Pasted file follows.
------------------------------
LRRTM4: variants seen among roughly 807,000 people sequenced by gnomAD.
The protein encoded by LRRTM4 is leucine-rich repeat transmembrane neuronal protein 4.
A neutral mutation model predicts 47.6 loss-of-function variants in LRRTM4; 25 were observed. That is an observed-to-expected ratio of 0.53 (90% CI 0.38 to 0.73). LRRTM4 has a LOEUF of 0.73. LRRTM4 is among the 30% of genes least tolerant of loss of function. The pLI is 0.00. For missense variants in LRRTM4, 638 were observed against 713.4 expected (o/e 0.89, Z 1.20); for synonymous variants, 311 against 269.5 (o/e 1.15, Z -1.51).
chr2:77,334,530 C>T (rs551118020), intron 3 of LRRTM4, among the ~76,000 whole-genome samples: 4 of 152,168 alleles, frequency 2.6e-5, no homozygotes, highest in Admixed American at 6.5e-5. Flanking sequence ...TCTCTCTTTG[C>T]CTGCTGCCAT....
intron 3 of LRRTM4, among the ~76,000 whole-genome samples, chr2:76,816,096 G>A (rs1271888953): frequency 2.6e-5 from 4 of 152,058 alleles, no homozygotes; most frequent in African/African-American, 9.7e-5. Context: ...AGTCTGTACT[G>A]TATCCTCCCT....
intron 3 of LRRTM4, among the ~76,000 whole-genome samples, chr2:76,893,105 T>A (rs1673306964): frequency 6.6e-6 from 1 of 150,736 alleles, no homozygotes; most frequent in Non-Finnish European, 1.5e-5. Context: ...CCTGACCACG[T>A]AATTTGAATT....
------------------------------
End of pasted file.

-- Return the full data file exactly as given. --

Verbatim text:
LRRTM4: variants seen among roughly 807,000 people sequenced by gnomAD.
The protein encoded by LRRTM4 is leucine-rich repeat transmembrane neuronal protein 4.
A neutral mutation model predicts 47.6 loss-of-function variants in LRRTM4; 25 were observed. That is an observed-to-expected ratio of 0.53 (90% CI 0.38 to 0.73). LRRTM4 has a LOEUF of 0.73. LRRTM4 is among the 30% of genes least tolerant of loss of function. The pLI is 0.00. For missense variants in LRRTM4, 638 were observed against 713.4 expected (o/e 0.89, Z 1.20); for synonymous variants, 311 against 269.5 (o/e 1.15, Z -1.51).
chr2:77,334,530 C>T (rs551118020), intron 3 of LRRTM4, among the ~76,000 whole-genome samples: 4 of 152,168 alleles, frequency 2.6e-5, no homozygotes, highest in Admixed American at 6.5e-5. Flanking sequence ...TCTCTCTTTG[C>T]CTGCTGCCAT....
intron 3 of LRRTM4, among the ~76,000 whole-genome samples, chr2:76,816,096 G>A (rs1271888953): frequency 2.6e-5 from 4 of 152,058 alleles, no homozygotes; most frequent in African/African-American, 9.7e-5. Context: ...AGTCTGTACT[G>A]TATCCTCCCT....
intron 3 of LRRTM4, among the ~76,000 whole-genome samples, chr2:76,893,105 T>A (rs1673306964): frequency 6.6e-6 from 1 of 150,736 alleles, no homozygotes; most frequent in Non-Finnish European, 1.5e-5. Context: ...CCTGACCACG[T>A]AATTTGAATT....